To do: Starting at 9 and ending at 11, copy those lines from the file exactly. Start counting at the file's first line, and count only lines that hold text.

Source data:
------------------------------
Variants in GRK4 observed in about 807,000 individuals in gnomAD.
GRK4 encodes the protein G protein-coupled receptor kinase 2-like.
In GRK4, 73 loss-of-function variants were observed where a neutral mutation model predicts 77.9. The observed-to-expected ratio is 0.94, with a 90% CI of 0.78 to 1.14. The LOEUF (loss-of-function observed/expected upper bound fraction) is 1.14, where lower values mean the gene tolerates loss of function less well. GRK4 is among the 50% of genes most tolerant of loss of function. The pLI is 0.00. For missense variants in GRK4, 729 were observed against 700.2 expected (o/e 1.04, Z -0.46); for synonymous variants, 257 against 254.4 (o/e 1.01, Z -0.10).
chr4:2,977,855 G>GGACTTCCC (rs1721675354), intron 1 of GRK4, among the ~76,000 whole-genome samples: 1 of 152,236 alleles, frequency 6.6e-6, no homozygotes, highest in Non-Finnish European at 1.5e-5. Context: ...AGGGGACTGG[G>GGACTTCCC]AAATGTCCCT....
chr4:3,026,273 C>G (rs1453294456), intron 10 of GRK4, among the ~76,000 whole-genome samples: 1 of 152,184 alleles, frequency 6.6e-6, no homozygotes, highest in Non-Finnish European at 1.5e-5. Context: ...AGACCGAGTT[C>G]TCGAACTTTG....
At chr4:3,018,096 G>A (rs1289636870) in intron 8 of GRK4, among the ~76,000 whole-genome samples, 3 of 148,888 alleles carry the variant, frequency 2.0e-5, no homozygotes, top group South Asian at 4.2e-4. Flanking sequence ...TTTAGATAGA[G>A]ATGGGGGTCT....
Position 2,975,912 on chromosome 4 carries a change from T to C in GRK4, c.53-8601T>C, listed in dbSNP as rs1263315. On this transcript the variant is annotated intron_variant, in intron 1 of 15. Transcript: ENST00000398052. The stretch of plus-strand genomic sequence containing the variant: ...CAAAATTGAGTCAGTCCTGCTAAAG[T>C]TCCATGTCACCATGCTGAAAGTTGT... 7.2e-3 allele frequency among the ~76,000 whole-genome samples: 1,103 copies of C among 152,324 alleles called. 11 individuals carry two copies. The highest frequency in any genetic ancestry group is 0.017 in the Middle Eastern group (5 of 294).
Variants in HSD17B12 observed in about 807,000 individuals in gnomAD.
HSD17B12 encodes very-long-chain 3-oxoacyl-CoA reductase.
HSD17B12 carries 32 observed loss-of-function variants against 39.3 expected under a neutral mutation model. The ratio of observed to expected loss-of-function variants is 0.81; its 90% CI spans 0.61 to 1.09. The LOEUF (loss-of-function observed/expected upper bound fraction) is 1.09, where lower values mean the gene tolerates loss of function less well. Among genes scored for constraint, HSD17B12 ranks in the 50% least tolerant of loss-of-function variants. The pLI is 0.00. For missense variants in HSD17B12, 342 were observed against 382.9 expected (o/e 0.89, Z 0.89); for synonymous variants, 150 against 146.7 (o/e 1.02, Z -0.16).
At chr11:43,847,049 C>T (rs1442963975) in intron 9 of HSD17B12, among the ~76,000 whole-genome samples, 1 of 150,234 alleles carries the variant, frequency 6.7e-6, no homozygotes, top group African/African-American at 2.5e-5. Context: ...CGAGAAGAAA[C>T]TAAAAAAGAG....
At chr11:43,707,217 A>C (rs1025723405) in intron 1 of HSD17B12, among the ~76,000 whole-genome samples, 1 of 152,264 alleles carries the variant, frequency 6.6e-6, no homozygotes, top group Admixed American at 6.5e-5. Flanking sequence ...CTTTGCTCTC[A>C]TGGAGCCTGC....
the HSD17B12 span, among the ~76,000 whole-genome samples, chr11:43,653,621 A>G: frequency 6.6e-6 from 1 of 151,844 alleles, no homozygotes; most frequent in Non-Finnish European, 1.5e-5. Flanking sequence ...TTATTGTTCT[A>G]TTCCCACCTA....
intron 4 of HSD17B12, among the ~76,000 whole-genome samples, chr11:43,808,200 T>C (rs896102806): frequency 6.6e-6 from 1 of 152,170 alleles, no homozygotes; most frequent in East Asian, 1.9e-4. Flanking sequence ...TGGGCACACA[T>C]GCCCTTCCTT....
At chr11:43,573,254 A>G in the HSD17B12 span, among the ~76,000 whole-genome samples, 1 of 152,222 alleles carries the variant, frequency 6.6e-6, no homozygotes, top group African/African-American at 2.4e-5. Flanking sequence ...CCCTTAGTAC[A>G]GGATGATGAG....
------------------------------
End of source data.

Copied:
HSD17B12 encodes very-long-chain 3-oxoacyl-CoA reductase.
HSD17B12 carries 32 observed loss-of-function variants against 39.3 expected under a neutral mutation model. The ratio of observed to expected loss-of-function variants is 0.81; its 90% CI spans 0.61 to 1.09. The LOEUF (loss-of-function observed/expected upper bound fraction) is 1.09, where lower values mean the gene tolerates loss of function less well. Among genes scored for constraint, HSD17B12 ranks in the 50% least tolerant of loss-of-function variants. The pLI is 0.00. For missense variants in HSD17B12, 342 were observed against 382.9 expected (o/e 0.89, Z 0.89); for synonymous variants, 150 against 146.7 (o/e 1.02, Z -0.16).
At chr11:43,847,049 C>T (rs1442963975) in intron 9 of HSD17B12, among the ~76,000 whole-genome samples, 1 of 150,234 alleles carries the variant, frequency 6.7e-6, no homozygotes, top group African/African-American at 2.5e-5. Context: ...CGAGAAGAAA[C>T]TAAAAAAGAG....